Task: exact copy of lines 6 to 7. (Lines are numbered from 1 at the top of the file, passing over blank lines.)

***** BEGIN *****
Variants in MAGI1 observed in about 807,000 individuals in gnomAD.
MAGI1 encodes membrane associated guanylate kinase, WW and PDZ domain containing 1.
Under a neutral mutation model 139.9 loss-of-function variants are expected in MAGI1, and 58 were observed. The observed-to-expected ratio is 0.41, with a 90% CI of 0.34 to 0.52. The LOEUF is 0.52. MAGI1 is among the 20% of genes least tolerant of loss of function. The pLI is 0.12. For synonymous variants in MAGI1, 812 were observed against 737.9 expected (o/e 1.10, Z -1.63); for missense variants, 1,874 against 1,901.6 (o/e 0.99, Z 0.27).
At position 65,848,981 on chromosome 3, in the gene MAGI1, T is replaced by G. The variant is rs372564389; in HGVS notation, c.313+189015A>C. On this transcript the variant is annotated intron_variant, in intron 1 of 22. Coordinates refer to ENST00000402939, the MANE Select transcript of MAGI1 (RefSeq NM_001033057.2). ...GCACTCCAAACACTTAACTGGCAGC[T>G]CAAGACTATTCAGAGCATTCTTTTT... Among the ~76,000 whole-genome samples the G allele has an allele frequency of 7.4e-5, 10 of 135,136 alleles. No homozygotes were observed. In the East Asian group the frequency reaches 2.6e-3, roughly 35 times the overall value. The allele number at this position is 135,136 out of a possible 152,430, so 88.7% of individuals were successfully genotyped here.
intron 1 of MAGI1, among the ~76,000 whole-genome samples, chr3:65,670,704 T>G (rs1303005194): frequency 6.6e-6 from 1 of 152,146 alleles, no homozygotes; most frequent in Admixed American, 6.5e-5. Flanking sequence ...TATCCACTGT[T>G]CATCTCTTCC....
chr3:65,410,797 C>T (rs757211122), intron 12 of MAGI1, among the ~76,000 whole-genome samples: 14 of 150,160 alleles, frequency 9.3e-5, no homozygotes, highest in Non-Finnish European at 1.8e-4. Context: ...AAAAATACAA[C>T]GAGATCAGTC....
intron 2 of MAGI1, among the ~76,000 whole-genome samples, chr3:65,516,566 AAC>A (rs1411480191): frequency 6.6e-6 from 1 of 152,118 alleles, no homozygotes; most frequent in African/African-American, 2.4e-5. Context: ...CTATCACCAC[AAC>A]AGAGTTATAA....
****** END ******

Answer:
chr3:65,410,797 C>T (rs757211122), intron 12 of MAGI1, among the ~76,000 whole-genome samples: 14 of 150,160 alleles, frequency 9.3e-5, no homozygotes, highest in Non-Finnish European at 1.8e-4. Context: ...AAAAATACAA[C>T]GAGATCAGTC....
intron 2 of MAGI1, among the ~76,000 whole-genome samples, chr3:65,516,566 AAC>A (rs1411480191): frequency 6.6e-6 from 1 of 152,118 alleles, no homozygotes; most frequent in African/African-American, 2.4e-5. Context: ...CTATCACCAC[AAC>A]AGAGTTATAA....